Rising rents in Manhattan, New York, reached a record high in May for the fourth consecutive month, reports CNN.
According to the news media, a monthly report from brokerage firm Douglas Elliman and Miller Samuel Real Estate Appraisers and Consultants show that in May the average rent for an apartment in Manhattan jumped to $4,000 a month, rising 25 per cent above the same period last year.
This is likely to further increase in the coming months. Analysts predict that in the summer months of June through August which is the peak period for new lease signings, rents are likely to rise even further.
President and CEO of Miller Samuel, Jonathan Miller said “This is a market that has been pressed to the ceiling. On top of that, the expectation is that new leasing will peak in August, which is expected to keep upper pressure on prices in the near term.”
“I’m not sure how long this lasts after that, because at some point, for affordability, the math just doesn’t work.”
The average rents for a studio and one-bedroom in May remained below $4,000, at $2,975 and $3,999 respectively, while for a two-bedroom the rent was just below $5,000, and for a three-bedroom, it was $6,498.
Reasons for rising rents in Manhattan, New York
According to Miler, the discounts and concessions, like one or two months of free rent, that landlords were offering during the pandemic, have been discontinued.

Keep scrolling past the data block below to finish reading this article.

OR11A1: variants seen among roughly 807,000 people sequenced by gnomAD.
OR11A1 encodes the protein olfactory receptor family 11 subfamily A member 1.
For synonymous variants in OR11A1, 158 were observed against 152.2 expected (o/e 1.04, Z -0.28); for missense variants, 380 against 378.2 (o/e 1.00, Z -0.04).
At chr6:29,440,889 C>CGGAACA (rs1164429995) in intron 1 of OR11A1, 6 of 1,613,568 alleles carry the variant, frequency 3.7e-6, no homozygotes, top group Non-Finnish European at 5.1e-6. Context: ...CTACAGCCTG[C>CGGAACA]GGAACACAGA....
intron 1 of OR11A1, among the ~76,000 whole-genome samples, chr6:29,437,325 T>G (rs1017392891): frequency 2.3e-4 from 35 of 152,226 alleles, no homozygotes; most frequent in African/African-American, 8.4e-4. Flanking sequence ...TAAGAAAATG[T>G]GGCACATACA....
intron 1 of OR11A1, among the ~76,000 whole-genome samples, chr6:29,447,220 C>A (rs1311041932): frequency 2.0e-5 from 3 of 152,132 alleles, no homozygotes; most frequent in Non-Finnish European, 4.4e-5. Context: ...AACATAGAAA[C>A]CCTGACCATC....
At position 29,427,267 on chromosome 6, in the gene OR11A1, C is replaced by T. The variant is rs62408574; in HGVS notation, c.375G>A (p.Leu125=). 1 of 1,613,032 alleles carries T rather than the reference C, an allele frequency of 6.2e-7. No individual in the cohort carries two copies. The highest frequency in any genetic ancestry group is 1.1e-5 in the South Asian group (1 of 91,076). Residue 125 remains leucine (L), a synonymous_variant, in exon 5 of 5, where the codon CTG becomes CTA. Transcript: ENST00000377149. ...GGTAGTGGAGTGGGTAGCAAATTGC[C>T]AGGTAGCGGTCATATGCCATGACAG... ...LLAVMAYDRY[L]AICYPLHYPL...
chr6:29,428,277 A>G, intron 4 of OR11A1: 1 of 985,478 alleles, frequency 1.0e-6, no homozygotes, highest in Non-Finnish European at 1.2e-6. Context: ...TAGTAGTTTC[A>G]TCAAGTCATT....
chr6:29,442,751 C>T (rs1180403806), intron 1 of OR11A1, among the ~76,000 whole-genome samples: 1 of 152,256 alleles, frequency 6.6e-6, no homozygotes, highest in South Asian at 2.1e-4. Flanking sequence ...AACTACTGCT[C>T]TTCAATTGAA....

The share of landlord concessions dropped to its lowest since September 2016 to 15.3 per cent in May, the report further stated.
Also rising mortgage rates are another reason for the upsurge in rents. This situation is forcing many would-be buyers to remain in the rental market, Miller said.
He stated that “You have people who would-be buyers being pushed into the rental market because they don’t qualify or can’t afford a purchase at this point.”
As a consequence of this, the number of renters signing new leases has been rising for several months, causing a more competitive environment leading to a bidding war among renters and ultimately paying more than the listing price, Miller said.
In May, renters paid an average of 11% more than the house owner’s asking price, according to Miller.